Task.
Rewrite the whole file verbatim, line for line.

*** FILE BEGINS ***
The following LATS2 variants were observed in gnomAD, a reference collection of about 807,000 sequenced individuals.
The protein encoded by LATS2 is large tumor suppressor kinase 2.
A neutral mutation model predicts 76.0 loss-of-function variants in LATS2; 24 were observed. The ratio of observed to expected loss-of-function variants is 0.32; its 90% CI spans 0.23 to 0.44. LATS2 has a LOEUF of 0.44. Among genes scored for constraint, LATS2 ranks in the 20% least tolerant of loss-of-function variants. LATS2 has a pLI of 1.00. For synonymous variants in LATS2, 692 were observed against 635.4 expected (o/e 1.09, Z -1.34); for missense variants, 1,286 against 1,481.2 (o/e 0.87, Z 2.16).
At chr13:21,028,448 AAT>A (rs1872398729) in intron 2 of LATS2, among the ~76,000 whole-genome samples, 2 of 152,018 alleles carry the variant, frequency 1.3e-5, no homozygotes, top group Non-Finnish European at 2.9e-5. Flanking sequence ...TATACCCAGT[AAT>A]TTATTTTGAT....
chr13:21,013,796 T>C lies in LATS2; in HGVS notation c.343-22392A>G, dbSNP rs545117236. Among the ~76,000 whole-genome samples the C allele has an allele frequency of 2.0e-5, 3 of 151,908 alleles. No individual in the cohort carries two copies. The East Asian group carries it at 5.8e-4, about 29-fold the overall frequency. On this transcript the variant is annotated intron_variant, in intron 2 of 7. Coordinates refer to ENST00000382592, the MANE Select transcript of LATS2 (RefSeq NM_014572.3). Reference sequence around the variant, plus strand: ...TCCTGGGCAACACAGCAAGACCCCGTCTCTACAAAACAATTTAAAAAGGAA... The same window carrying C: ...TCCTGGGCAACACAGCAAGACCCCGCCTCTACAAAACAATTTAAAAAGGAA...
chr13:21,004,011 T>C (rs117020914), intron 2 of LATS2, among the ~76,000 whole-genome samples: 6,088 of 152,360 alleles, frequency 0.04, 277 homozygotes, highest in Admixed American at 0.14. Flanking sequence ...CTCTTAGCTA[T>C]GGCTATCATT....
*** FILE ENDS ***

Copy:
The following LATS2 variants were observed in gnomAD, a reference collection of about 807,000 sequenced individuals.
The protein encoded by LATS2 is large tumor suppressor kinase 2.
A neutral mutation model predicts 76.0 loss-of-function variants in LATS2; 24 were observed. The ratio of observed to expected loss-of-function variants is 0.32; its 90% CI spans 0.23 to 0.44. LATS2 has a LOEUF of 0.44. Among genes scored for constraint, LATS2 ranks in the 20% least tolerant of loss-of-function variants. LATS2 has a pLI of 1.00. For synonymous variants in LATS2, 692 were observed against 635.4 expected (o/e 1.09, Z -1.34); for missense variants, 1,286 against 1,481.2 (o/e 0.87, Z 2.16).
At chr13:21,028,448 AAT>A (rs1872398729) in intron 2 of LATS2, among the ~76,000 whole-genome samples, 2 of 152,018 alleles carry the variant, frequency 1.3e-5, no homozygotes, top group Non-Finnish European at 2.9e-5. Flanking sequence ...TATACCCAGT[AAT>A]TTATTTTGAT....
chr13:21,013,796 T>C lies in LATS2; in HGVS notation c.343-22392A>G, dbSNP rs545117236. Among the ~76,000 whole-genome samples the C allele has an allele frequency of 2.0e-5, 3 of 151,908 alleles. No individual in the cohort carries two copies. The East Asian group carries it at 5.8e-4, about 29-fold the overall frequency. On this transcript the variant is annotated intron_variant, in intron 2 of 7. Coordinates refer to ENST00000382592, the MANE Select transcript of LATS2 (RefSeq NM_014572.3). Reference sequence around the variant, plus strand: ...TCCTGGGCAACACAGCAAGACCCCGTCTCTACAAAACAATTTAAAAAGGAA... The same window carrying C: ...TCCTGGGCAACACAGCAAGACCCCGCCTCTACAAAACAATTTAAAAAGGAA...
chr13:21,004,011 T>C (rs117020914), intron 2 of LATS2, among the ~76,000 whole-genome samples: 6,088 of 152,360 alleles, frequency 0.04, 277 homozygotes, highest in Admixed American at 0.14. Flanking sequence ...CTCTTAGCTA[T>C]GGCTATCATT....